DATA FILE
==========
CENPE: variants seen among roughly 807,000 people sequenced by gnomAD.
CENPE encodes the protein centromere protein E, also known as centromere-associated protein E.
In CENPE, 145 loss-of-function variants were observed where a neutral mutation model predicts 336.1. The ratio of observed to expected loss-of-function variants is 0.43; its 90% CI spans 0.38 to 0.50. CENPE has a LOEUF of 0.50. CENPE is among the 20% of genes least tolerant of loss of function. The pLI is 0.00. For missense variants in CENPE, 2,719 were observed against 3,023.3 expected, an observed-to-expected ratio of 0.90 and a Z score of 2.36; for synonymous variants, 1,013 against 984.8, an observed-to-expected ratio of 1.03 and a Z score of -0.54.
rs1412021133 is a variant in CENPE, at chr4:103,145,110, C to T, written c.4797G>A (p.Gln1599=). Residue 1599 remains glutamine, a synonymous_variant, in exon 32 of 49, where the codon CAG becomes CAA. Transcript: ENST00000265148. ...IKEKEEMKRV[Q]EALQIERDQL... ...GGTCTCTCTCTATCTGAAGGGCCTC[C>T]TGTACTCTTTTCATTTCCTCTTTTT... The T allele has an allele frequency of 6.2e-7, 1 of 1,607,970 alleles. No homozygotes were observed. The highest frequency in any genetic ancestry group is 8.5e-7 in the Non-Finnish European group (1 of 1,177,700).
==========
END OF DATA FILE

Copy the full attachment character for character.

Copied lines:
CENPE: variants seen among roughly 807,000 people sequenced by gnomAD.
CENPE encodes the protein centromere protein E, also known as centromere-associated protein E.
In CENPE, 145 loss-of-function variants were observed where a neutral mutation model predicts 336.1. The ratio of observed to expected loss-of-function variants is 0.43; its 90% CI spans 0.38 to 0.50. CENPE has a LOEUF of 0.50. CENPE is among the 20% of genes least tolerant of loss of function. The pLI is 0.00. For missense variants in CENPE, 2,719 were observed against 3,023.3 expected, an observed-to-expected ratio of 0.90 and a Z score of 2.36; for synonymous variants, 1,013 against 984.8, an observed-to-expected ratio of 1.03 and a Z score of -0.54.
rs1412021133 is a variant in CENPE, at chr4:103,145,110, C to T, written c.4797G>A (p.Gln1599=). Residue 1599 remains glutamine, a synonymous_variant, in exon 32 of 49, where the codon CAG becomes CAA. Transcript: ENST00000265148. ...IKEKEEMKRV[Q]EALQIERDQL... ...GGTCTCTCTCTATCTGAAGGGCCTC[C>T]TGTACTCTTTTCATTTCCTCTTTTT... The T allele has an allele frequency of 6.2e-7, 1 of 1,607,970 alleles. No homozygotes were observed. The highest frequency in any genetic ancestry group is 8.5e-7 in the Non-Finnish European group (1 of 1,177,700).